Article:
Wandering through drawing & around the body: In dialogue with Philip Delamore
The following conversations took place at London College of Fashion, in October-November 2010, between the curators of the exhibition, Charlotte Hodes and Flavia Loscialpo, Helen Storey, Philip Delamore and Simon Thorogood.
C&F – As new technologies are emerging within the fashion industry, how do you think that the role of drawing has been re-configured in recent years?
PD – I would say that probably for most fashion designers very little has changed, as they are using exactly the same processes that they have always used in sketching, in doing a 2D sketch, which is then translated into a 3D prototype. I think that some designers have begun to experiment with a new vocabulary that technology or an emerging technology allows, which consents to describe a three dimensional shape. Particularly in architecture, people like Frank Gehry have explored the idea of drawing in three dimensions. In terms of the way fashion is created, with 3D scanning technologies we can capture 3D data about the body and visualise cloth in a three dimensional way, or pre- visualise things in new ways. How this relates to drawing, I do not think that is something that is really happening yet. The experiments that I have been doing maybe point a way to what might happen in the future in terms of being able to describe three dimensional space quite quickly in a sketch, and translate those ideas into a three dimensional form. I guess I am playing with the idea of how one might notionally do that.
C&F – According to you, are technologies such as body-scanning opening up new possibilities for the exploration and representation of the body?
PD – Absolutely they are, in both positive and negative ways. Certainly, we are now able to capture data about people’s bodies, and essentially we are now able to capture their three dimensional body shapes, which is something that traditional measurement could never do. Everybody’s body shape is individual, unique. In order to better understand how clothes fit people’s body shape, this is a really big step forward. It is something that tailors and couturiers have understood for a very long time. I believe that, for the production of ready to wear clothes, this is a really big step forward.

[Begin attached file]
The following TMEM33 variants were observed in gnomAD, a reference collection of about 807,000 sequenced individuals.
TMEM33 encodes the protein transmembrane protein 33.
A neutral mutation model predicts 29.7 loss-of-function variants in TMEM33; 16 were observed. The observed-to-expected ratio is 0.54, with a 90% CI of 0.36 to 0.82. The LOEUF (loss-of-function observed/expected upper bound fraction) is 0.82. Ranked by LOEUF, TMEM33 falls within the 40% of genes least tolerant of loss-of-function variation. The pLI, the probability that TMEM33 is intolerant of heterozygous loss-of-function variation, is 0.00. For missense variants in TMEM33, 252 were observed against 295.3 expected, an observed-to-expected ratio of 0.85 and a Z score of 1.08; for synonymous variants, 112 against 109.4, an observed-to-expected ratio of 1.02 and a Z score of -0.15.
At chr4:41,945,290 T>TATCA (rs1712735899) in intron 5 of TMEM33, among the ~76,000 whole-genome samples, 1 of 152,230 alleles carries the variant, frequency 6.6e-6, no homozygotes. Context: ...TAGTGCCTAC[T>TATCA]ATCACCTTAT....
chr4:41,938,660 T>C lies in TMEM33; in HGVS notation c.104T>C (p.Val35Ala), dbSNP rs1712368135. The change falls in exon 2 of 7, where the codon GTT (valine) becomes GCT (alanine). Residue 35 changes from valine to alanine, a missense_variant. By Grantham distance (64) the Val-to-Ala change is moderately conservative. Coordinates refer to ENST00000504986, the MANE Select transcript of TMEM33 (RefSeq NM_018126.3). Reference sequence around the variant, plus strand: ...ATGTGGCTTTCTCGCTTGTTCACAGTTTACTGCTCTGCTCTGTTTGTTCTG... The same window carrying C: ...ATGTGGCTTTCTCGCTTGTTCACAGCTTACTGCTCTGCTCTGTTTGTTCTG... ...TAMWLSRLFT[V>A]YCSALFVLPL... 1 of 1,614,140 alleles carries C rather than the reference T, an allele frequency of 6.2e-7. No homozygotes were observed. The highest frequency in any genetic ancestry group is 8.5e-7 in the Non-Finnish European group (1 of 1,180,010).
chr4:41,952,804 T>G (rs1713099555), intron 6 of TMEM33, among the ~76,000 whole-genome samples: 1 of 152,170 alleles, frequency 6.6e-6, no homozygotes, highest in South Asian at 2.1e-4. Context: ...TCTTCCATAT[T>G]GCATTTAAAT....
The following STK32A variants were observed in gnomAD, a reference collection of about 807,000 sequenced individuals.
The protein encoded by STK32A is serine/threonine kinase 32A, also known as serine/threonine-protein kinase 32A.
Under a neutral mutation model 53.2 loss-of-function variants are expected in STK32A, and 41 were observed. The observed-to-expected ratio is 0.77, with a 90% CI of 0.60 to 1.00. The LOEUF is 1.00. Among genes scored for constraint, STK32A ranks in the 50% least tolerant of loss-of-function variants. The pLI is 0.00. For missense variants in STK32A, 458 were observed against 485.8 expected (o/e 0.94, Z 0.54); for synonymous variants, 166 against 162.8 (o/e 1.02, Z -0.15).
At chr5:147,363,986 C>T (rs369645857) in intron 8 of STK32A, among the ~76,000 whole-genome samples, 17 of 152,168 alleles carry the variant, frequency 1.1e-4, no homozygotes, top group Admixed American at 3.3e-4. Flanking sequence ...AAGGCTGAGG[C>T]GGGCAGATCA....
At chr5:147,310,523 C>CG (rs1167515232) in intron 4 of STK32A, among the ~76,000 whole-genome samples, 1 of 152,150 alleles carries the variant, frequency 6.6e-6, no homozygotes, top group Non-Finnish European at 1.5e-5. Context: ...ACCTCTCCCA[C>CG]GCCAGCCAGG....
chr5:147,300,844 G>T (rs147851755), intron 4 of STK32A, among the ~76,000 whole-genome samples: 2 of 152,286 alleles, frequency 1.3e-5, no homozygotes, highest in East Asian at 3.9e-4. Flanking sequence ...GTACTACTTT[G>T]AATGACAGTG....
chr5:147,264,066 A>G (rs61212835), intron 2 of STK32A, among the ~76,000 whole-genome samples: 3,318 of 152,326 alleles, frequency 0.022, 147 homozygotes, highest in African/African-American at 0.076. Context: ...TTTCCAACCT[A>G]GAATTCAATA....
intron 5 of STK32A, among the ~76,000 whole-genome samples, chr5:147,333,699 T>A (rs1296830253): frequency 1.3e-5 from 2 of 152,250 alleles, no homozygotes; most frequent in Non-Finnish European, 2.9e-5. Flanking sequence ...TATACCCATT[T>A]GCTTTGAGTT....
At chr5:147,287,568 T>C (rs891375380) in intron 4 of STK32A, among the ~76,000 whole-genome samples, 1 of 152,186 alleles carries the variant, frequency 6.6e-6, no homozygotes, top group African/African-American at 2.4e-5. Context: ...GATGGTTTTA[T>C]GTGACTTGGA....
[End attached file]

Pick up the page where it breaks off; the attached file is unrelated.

C&F – How do you feel that your drawing has helped you to understand the body, particularly the body in 3D?
PD – I think that what is interesting about such drawings is that they are actually drawings onto the body, so you are physically exploring a surface, which is very different from sketching a two dimensional representation of a surface. In fact, it allows you, firstly, to take a line for a walk, and describe something that is not necessarily relating to a physical feature, or a seam or a traditional way of breaking up a three dimensional surface. You can follow a contour or a surface in any way that you choose, in an aesthetic path rather than in a construction path, for instance. There are indeed different approaches to design: some are very technical and work on flat 2D patterns which are then taken to 3 dimensional forms, while others are much more about draping on the body, and then they reverse that down to 2D patterns. I think that the physical act of drawing on a body allows you to feel your way around a 3 dimensional object, and I guess it improves your understanding of what the topology of the body is.